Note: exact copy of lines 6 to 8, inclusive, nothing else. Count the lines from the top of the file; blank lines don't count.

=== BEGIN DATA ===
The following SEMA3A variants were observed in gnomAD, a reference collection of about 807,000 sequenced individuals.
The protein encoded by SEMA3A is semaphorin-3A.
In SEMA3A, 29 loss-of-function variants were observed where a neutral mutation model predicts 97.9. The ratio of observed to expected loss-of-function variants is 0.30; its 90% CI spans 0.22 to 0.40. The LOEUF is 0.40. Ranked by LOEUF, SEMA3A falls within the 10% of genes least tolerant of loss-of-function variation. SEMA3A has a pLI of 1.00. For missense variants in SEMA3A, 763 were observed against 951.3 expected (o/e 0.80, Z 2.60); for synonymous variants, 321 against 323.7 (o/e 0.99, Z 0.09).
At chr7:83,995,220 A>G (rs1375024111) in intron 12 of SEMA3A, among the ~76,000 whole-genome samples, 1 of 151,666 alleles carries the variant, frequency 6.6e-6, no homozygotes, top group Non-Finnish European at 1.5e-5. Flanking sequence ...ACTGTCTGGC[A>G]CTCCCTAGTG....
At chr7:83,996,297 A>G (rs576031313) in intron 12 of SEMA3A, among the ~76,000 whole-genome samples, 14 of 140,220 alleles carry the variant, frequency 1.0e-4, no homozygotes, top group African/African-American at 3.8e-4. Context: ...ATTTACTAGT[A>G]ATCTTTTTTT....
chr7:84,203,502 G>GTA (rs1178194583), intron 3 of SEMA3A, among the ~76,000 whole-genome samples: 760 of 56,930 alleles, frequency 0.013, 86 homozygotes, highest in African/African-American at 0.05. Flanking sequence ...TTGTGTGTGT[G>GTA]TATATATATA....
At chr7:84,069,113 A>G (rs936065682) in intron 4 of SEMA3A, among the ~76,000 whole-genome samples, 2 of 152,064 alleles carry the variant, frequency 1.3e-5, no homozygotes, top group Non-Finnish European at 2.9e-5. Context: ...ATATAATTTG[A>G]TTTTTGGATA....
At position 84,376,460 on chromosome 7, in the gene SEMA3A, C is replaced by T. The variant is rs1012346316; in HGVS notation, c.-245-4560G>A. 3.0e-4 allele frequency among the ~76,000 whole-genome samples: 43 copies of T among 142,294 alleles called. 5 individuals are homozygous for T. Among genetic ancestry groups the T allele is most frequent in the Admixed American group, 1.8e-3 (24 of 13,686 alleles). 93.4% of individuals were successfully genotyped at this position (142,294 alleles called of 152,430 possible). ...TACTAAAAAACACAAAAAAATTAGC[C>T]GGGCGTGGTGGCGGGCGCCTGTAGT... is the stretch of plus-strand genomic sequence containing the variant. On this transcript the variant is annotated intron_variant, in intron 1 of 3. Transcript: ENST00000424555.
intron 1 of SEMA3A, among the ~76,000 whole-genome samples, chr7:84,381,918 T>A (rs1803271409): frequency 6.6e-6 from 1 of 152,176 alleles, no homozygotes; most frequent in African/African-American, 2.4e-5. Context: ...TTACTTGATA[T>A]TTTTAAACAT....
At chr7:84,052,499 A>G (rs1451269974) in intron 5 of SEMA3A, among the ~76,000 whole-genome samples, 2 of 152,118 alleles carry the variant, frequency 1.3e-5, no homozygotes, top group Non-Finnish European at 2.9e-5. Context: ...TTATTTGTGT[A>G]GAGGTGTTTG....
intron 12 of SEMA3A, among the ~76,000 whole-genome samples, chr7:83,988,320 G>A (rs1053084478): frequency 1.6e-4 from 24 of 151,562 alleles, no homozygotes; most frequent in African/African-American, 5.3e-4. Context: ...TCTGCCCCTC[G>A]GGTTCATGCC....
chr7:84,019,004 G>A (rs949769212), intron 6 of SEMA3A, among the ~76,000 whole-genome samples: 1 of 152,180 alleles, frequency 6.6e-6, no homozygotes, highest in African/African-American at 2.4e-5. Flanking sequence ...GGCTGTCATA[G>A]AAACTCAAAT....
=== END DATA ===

chr7:84,203,502 G>GTA (rs1178194583), intron 3 of SEMA3A, among the ~76,000 whole-genome samples: 760 of 56,930 alleles, frequency 0.013, 86 homozygotes, highest in African/African-American at 0.05. Flanking sequence ...TTGTGTGTGT[G>GTA]TATATATATA....
At chr7:84,069,113 A>G (rs936065682) in intron 4 of SEMA3A, among the ~76,000 whole-genome samples, 2 of 152,064 alleles carry the variant, frequency 1.3e-5, no homozygotes, top group Non-Finnish European at 2.9e-5. Context: ...ATATAATTTG[A>G]TTTTTGGATA....
At position 84,376,460 on chromosome 7, in the gene SEMA3A, C is replaced by T. The variant is rs1012346316; in HGVS notation, c.-245-4560G>A. 3.0e-4 allele frequency among the ~76,000 whole-genome samples: 43 copies of T among 142,294 alleles called. 5 individuals are homozygous for T. Among genetic ancestry groups the T allele is most frequent in the Admixed American group, 1.8e-3 (24 of 13,686 alleles). 93.4% of individuals were successfully genotyped at this position (142,294 alleles called of 152,430 possible). ...TACTAAAAAACACAAAAAAATTAGC[C>T]GGGCGTGGTGGCGGGCGCCTGTAGT... is the stretch of plus-strand genomic sequence containing the variant. On this transcript the variant is annotated intron_variant, in intron 1 of 3. Transcript: ENST00000424555.